Sunday, February 26, 2006

Not so fast there

The lessons for the eighth Sunday in Ordinary Time:

  • Hosea 2:16b, 17b, 21-22
  • Psalm 103:1-2, 3-4, 8+10, 12-13
  • 2 Corinthians 3:1b-6
  • Mark 2:18-22
A wedding usually means parties and food, but you would have to ask someone else about that. My wife and I were married more than 25 years ago in the Episcopal church we attended, and our reception was at my mother's house. (Mom was the only parent either of us had left.) However, the photographer did not show up (mistake in communications) and we sat and waited at the church for a while. By the time we got to the reception, almost all the food, with the exception of the cake, was gone. Even worse, our friends arranged to have dinner at our favorite Chinese restaurant after we left. We were very hungry by the time we got to San Francisco.

Jesus knows that food and celebration goes with weddings -- his very first miracle at Cana made sure a wedding dinner had enough wine. Another time for food and celebration around much of the Catholic world right about now is Carnival, in it's traditional sense, which is called Fasching in parts of Germany and Mardi Gras in New Orleans and some other French speaking communities. Parties and food and drink right up to the start of Ash Wednesday (just this next Wednesday), then it all stops. The flash and revelry falls away for the ashes and fasting of Lent.

Feasting right next to fasting can be confusing -- and that predicament is what Jesus deals with in this Gospel story from Mark:
The disciples of John and of the Pharisees were accustomed to fast.
People came to him and objected,
'Why do the disciples of John and the disciples of the Pharisees fast,
but your disciples do not fast?'
Jesus answered them,
'Can the wedding guests fast while the bridegroom is with them?
As long as they have the bridegroom with them they cannot fast.
But the days will come when the bridegroom is taken away from them,
and then they will fast on that day.
No one sews a piece of unshrunken cloth on an old cloak.
If he does, its fullness pulls away,
the new from the old, and the tear gets worse.
Likewise, no one pours new wine into old wineskins.
Otherwise, the wine will burst the skins,
and both the wine and the skins are ruined.
Rather, new wine is poured into fresh wineskins.'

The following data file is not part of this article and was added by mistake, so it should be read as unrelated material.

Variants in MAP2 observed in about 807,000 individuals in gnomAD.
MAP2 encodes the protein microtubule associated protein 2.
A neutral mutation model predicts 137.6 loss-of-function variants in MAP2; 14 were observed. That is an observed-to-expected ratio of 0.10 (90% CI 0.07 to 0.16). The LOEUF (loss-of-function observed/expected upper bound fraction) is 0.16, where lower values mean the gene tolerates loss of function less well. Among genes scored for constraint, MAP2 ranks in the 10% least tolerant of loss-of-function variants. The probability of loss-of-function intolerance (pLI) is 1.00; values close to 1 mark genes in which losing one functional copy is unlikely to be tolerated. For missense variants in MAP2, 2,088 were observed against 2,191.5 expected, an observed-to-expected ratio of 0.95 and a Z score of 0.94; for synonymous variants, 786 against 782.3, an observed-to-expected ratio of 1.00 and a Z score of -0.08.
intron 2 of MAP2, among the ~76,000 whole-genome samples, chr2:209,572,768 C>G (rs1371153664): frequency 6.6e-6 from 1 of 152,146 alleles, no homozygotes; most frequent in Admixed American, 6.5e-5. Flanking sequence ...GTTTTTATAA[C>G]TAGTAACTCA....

My word, there is a lot here. Jesus is saying that fasting is not wrong, but it can be inappropriate at times, and this has to do with weddings and celebrations, and that this is involved in something very new.

When we look at the lesson from Hosea, we start to see why marriage, and therefore weddings, are very special. When Hosea speaks of the relationship of God and Israel, he often uses the image of husband and wife. His own insight into the troubled nature of the relationship of his people and their God came from his own troubled marriage to Gomer, who was unfaithful to him. Such a marriage image was not unusual for that time as other cults described a kind of sacred marriage between a deity and its worshipers. Israel has been unfaithful to God in much the same way that Gomer was unfaithful to Hosea. But, like Hosea, God will remain faithful to his unfaithful people, and will rebuild that relationship in right, justice, love, mercy, and fidelity.

Fasting in the ancient world was a form of self-humiliation or protest intended to move someone to action. The mandatory fast day in the Jewish calendar is Yom Kippur, the Day of Atonement, where the people of Israel fasted to urge God to forgive their sins. In the first century, groups such as the Pharisees had expanded the number of fasts, but retained the same motive, to plead with God for forgiveness of the sins both of individuals and the nation. It is, in a sense, the action of Israel beseeching God for the restoration of relationship that He promised in Hosea, to reestablish that marriage bond between God and His people.

Jesus is the answer to those pleas, the response to that fasting. God has heard us and sent his only son, to re-establish the relationship that we have been unfaithful to over and over again. This is a time for joy and feasting, just the same way that the friends and family of the newly married couple celebrate this newly established relationship of love and faithfulness. To fast in Jesus' physcial presence, if we understand the mission of Jesus, is unthinkable as it is asking God for what he has already given us. It is a sign either of profound misunderstanding or colosingratitudeutde. But the celebration, at least in this world, comes to and end at some point. Jesus'us's very presence is a new thing, and the old rules are not so much wrong, as indadequate and inappropriate in this particular circumstance. Jesus reminds us that if we try to fit this new experience onto the old understanding without change and development, we will ruin both the old and the new.

This is a very appropriate lesson for the last Sunday before Lent. It reminds us that whatever we do for Lent, it is with the purpose of tearing down the barriers between us and God, with God's help. During this holy time we once again beseech God for forgiveness. God said, through Hosea, that "I will espouse you to me forever . . . and you shall know the Lord." It is time once again to take on ashes, to ask for forgivess, and to prepare for the Easter foretaste of the wedding feast of the Messiah.

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